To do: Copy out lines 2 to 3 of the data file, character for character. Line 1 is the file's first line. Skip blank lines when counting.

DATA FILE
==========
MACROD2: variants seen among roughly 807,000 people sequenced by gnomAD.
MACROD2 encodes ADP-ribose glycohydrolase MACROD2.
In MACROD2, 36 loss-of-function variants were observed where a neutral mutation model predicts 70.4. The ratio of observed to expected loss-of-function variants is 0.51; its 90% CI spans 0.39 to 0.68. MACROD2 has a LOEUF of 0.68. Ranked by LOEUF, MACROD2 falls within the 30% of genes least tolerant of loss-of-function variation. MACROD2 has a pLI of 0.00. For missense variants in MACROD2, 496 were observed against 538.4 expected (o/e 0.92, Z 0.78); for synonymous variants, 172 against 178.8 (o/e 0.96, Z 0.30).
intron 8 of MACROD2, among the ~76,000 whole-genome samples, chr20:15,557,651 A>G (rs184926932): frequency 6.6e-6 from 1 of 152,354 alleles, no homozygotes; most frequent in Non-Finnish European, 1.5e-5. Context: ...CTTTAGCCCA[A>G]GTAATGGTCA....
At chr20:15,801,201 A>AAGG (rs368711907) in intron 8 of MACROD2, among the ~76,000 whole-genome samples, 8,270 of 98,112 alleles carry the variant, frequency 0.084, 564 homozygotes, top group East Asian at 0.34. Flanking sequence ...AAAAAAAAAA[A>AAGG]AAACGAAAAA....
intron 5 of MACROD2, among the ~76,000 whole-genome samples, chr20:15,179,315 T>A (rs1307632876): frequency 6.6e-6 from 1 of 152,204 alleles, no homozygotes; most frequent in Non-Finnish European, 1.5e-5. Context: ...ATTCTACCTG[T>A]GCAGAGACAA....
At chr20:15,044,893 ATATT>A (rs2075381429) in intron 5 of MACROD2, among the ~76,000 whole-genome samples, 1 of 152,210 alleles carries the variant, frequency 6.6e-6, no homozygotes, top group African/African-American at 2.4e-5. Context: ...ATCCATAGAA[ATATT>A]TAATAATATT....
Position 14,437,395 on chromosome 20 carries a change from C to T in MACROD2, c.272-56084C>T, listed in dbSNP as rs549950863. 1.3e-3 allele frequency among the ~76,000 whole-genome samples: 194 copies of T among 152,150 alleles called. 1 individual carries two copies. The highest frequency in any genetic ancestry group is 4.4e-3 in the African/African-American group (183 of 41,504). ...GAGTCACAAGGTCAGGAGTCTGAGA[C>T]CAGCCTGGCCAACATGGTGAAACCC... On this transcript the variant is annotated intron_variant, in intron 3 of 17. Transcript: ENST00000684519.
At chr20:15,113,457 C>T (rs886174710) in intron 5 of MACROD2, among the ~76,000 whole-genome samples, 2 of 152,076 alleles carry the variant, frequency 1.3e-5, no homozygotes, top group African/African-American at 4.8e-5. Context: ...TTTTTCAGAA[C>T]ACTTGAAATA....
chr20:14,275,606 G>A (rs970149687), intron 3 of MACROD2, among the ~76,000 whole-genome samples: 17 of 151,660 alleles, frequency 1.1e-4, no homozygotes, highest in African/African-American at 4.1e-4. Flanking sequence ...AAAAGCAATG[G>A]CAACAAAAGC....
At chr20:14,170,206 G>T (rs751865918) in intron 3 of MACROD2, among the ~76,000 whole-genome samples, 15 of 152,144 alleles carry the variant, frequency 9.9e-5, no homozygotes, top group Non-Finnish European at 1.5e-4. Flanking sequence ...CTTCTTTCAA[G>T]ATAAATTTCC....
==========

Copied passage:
MACROD2 encodes ADP-ribose glycohydrolase MACROD2.
In MACROD2, 36 loss-of-function variants were observed where a neutral mutation model predicts 70.4. The ratio of observed to expected loss-of-function variants is 0.51; its 90% CI spans 0.39 to 0.68. MACROD2 has a LOEUF of 0.68. Ranked by LOEUF, MACROD2 falls within the 30% of genes least tolerant of loss-of-function variation. MACROD2 has a pLI of 0.00. For missense variants in MACROD2, 496 were observed against 538.4 expected (o/e 0.92, Z 0.78); for synonymous variants, 172 against 178.8 (o/e 0.96, Z 0.30).